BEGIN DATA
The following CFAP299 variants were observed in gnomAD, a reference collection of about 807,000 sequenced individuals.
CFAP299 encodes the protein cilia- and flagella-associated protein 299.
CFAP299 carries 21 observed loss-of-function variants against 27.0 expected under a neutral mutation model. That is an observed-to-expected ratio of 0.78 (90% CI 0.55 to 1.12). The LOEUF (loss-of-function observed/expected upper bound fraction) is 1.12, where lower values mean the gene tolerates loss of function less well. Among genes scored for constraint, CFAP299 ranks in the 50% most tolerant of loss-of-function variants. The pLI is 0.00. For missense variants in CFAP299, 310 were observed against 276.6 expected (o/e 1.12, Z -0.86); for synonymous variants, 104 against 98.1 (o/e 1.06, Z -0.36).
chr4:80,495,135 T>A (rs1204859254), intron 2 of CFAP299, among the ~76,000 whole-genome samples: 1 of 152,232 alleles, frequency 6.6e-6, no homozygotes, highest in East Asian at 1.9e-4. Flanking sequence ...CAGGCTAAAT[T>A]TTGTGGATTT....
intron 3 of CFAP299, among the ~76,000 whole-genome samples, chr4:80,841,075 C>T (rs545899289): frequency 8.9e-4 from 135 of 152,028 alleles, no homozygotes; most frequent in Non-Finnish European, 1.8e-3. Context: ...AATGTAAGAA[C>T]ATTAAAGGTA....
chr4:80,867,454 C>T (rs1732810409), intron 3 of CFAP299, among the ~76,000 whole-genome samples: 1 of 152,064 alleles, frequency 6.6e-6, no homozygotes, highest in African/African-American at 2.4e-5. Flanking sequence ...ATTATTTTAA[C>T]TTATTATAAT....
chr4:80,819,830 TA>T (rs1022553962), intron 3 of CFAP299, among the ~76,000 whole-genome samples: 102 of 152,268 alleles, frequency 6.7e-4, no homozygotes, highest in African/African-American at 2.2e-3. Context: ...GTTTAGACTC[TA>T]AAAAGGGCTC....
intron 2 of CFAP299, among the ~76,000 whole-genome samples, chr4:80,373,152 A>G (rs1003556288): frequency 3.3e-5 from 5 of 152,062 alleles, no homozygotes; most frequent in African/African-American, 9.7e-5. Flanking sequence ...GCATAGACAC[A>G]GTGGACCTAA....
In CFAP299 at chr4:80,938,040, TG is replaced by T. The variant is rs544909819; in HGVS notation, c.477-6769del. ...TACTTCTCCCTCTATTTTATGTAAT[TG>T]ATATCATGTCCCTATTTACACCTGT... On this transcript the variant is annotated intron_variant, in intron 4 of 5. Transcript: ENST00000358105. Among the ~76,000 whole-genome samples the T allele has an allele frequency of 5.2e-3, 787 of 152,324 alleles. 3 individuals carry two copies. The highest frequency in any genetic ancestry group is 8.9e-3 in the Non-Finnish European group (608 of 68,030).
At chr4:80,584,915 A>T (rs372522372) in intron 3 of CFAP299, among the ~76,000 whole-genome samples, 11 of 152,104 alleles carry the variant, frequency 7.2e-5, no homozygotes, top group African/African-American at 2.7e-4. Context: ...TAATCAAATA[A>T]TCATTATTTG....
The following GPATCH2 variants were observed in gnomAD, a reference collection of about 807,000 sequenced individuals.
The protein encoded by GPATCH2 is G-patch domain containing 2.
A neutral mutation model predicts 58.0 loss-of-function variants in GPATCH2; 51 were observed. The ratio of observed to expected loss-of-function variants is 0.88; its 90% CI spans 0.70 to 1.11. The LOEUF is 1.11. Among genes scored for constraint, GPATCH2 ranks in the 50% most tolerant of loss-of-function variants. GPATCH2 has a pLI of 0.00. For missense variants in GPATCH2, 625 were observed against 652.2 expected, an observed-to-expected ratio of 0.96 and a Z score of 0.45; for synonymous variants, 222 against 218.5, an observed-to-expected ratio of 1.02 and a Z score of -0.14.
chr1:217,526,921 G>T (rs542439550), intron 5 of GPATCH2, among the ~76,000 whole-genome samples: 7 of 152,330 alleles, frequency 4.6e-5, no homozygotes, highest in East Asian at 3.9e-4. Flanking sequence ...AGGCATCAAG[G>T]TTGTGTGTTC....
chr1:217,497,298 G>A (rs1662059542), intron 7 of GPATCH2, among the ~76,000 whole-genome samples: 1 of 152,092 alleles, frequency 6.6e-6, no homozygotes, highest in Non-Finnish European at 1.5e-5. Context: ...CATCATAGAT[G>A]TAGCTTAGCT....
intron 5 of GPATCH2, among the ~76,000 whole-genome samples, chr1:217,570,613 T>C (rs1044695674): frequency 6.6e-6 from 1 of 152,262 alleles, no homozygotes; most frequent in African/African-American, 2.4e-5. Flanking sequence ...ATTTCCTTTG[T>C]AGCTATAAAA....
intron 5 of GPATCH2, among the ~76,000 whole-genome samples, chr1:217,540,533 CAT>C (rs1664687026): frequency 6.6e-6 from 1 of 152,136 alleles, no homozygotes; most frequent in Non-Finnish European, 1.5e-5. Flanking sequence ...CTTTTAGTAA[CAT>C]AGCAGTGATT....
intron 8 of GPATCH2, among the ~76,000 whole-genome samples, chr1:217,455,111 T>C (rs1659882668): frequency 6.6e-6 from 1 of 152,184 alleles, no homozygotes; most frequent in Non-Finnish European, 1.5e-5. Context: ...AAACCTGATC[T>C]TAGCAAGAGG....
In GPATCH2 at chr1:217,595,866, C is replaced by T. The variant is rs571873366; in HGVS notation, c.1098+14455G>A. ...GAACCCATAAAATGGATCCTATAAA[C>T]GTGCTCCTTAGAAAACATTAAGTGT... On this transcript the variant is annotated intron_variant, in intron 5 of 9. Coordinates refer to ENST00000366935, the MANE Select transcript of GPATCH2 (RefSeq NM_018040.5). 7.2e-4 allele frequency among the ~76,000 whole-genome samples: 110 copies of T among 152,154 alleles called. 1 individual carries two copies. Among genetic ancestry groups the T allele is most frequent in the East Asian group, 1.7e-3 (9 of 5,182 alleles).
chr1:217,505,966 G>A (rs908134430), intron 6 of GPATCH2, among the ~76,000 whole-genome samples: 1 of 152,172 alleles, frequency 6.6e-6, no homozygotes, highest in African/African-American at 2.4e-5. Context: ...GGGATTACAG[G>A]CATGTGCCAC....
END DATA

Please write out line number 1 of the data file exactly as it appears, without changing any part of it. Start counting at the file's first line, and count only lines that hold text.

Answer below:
The following CFAP299 variants were observed in gnomAD, a reference collection of about 807,000 sequenced individuals.